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Preparing pomegranate juice

If I were to make a list à la Julie Andrews’s in The Sound of Music, my favorite things about the holiday season would all be food related: fresh, in-season citrus fruit; crispy roasted Brussels sprouts; this long-simmering lentil curry I love to make in the first days of the new year; and, at the very top of the list, a handful of juicy pomegranate seeds.

Technically, pomegranate season in the Northern Hemisphere starts in September — but for me, there’s something about a pomegranate that feels deeply intertwined with the holidays. At Thanksgiving, for instance, I’ve taken to spiking the cranberry sauce with a glug of pomegranate juice. And for the New Year’s Eve countdown, I think there’s nothing more festive than a champagne-pomegranate cocktail.

When it comes to the seeds, or “arils,” the culinary options are practically limitless. They’re delicious stirred in to a bit of coconut yogurt for breakfast. I love them (and cookbook author Danielle Walker does, too!) sprinkled atop a salad of wintry greens. If I’m baking a sweet potato for dinner — and I often am — I’ll take it with coconut oil, wilted kale, and pomegranate seeds, please.

If you’ve ever tried to clean one of these bad boys, though, you know they present quite the conundrum. You can’t just cut through a pomegranate — you’ll have juice running all over your hands and staining your countertop. And you can’t really just pry the seeds out — many of them will likely burst onto the nearest surface (which, for me, is usually something white and freshly laundered). And the pith inside the fruit can be rather stubborn, sticking to the seeds and spoiling your snack.

That’s why I love to clean pomegranates with this easy method. It’s quick, it’s neat, and when you’re done, you’ll be left with a beautiful pile of juicy pomegranate seeds for whatever holiday treat your heart desires.

How to Seed a Pomegranate

Step 1: Using a sharp chef’s knife, cut the top and bottom off the pomegranate.

pom 1

No need to cut too deep — you just need a flat surface to work with.

Step 2: Use your knife to carefully score the pomegranate into quarters, cutting about ¼ inch deep around the circumference.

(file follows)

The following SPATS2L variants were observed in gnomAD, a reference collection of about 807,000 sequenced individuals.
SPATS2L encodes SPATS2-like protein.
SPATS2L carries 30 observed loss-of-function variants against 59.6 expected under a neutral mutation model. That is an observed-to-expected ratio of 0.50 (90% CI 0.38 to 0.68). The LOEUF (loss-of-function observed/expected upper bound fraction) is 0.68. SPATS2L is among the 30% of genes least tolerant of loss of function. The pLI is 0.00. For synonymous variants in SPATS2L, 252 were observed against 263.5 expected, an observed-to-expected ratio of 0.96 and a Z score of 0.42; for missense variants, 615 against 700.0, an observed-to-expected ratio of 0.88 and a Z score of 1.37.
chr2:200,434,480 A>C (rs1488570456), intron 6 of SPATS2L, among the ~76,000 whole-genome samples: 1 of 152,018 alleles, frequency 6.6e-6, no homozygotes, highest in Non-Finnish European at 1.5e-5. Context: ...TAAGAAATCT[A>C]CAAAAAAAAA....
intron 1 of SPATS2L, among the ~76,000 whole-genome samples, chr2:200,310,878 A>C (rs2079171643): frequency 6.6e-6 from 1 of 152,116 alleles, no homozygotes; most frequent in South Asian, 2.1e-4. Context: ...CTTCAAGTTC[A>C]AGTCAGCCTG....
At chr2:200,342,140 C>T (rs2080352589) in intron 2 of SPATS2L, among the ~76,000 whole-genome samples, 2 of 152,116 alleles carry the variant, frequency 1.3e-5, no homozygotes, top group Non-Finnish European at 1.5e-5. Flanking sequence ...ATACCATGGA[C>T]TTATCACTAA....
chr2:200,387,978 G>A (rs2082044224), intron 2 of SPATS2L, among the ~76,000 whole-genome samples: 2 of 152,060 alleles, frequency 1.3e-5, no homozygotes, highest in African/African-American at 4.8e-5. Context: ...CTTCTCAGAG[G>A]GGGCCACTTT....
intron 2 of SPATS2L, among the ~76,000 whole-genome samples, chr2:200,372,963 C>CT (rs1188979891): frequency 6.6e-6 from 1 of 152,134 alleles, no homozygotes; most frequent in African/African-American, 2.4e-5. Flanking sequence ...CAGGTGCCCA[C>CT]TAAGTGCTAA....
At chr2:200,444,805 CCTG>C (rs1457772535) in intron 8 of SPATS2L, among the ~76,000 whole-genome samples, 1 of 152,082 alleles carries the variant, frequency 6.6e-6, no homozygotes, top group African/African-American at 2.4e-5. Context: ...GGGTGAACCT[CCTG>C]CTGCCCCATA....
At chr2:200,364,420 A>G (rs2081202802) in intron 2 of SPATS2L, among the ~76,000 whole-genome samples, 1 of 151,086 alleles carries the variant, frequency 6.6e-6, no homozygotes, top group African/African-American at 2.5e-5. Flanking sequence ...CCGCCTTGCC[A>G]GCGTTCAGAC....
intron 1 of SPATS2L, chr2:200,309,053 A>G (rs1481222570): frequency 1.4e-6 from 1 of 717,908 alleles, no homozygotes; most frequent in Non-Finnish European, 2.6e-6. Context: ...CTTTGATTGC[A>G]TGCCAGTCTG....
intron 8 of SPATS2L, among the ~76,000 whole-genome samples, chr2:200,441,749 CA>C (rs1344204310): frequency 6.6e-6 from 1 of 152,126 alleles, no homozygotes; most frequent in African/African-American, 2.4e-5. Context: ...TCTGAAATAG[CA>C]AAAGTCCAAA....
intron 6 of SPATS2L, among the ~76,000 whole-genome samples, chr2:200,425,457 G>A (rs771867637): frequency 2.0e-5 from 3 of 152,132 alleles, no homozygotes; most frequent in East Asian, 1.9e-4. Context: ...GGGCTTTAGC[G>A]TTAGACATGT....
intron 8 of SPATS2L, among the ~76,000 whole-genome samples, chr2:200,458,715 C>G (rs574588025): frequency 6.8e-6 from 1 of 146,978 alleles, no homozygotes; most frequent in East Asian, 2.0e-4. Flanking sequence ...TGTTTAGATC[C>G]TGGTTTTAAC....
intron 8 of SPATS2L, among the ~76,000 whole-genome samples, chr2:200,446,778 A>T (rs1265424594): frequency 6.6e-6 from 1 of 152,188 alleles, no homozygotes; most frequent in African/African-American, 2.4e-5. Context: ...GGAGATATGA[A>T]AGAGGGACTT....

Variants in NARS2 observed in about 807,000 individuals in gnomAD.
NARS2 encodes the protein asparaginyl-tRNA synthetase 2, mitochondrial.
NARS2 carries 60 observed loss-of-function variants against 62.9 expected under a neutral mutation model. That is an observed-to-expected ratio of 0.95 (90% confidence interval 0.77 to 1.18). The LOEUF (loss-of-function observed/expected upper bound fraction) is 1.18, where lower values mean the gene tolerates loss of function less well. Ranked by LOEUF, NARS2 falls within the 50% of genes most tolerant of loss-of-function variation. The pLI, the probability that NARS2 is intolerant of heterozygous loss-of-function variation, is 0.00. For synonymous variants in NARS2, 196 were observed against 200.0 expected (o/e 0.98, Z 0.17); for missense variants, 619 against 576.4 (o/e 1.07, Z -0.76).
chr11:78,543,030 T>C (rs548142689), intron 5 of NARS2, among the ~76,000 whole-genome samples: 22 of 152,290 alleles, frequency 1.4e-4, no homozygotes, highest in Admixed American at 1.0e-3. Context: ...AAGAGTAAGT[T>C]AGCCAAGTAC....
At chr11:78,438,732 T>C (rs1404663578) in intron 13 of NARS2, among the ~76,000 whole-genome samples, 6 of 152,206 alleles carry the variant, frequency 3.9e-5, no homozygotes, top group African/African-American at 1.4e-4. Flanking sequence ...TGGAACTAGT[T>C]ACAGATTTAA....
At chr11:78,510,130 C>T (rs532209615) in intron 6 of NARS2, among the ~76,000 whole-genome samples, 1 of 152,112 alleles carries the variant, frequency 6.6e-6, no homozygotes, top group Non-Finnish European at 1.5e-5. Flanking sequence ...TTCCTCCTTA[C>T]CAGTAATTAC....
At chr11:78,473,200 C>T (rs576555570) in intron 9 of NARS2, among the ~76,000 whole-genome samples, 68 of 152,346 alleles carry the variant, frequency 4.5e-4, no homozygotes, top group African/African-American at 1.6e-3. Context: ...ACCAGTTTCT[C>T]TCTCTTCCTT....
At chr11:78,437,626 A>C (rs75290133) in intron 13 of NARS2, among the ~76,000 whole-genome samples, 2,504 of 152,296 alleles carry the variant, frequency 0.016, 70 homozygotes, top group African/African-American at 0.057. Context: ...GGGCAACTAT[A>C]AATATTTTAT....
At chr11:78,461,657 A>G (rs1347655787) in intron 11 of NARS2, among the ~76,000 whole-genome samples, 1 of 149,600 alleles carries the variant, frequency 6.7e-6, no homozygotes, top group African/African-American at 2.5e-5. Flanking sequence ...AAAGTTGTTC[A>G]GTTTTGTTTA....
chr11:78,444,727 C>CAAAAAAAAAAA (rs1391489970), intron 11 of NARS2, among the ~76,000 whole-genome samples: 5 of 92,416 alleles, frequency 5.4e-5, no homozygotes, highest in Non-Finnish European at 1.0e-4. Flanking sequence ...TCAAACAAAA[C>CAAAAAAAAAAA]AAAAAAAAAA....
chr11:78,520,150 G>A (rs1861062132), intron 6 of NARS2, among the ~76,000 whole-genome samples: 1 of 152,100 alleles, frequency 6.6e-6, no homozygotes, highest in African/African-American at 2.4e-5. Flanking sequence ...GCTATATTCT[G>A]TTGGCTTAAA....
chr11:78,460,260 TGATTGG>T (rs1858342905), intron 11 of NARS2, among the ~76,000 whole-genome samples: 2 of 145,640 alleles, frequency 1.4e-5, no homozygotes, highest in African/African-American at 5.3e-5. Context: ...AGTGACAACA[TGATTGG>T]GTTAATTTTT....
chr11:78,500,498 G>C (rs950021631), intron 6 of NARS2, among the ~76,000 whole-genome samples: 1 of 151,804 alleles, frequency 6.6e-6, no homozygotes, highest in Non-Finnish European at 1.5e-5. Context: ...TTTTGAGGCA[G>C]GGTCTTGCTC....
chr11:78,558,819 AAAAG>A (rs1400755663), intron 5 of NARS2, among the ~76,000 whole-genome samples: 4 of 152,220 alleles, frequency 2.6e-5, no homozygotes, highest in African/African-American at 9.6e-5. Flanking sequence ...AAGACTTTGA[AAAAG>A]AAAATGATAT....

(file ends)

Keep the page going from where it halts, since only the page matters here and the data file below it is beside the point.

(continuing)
pom 2

Be sure not to cut too deeply, or you may cut open some of the seeds inside the fruit.

Step 3: Using your hands, carefully pry the pomegranate into quarters.

pom 3

Step 4: Fill a large bowl about 2/3 full with water.

pom 4

Step 5: Submerge one pomegranate quarter at a time in the bowl, and use your fingers to gently pry the seeds from the fruit.

pom 5

Any seeds that burst will do so underwater, keeping your clothes and your counters stain-free!

Step 6: Once you’ve cleaned all four quarters of your pomegranate, gently rub the seeds underwater with your fingers to remove any remaining pith.

pom 6

The juice in the seeds will keep them sunk to the bottom of your bowl, while the white pith will float to the top!

Step 7: Use a spoon to skim the pith from the top of your bowl, drain the water, and enjoy!

pom 7

As an added bonus, this method separates the ripe bottom-of-the-bowl seeds from the floaters, which are often withered and juiceless. Discard them with the pith and keep only the good, juicy ones!

pom 8

Pomegranate seeds will keep in an air-tight container in your fridge for up to five days. For more pomegranate recipes, check out “Pomegranate Power” from our December 2015 issue.

Editor’s Note: This blog post is part of our team’s “Kitchen Tricks & Slips” series, where we offer suggestions on recipe modifications, helpful tips, and real-life challenges so you can avoid similar messes in your cooking experiments. As any recipe only offers guidance, not guaranteed results, we encourage you to play with these recipes, too, and find what works best for you. We’d love to hear what you cook up!

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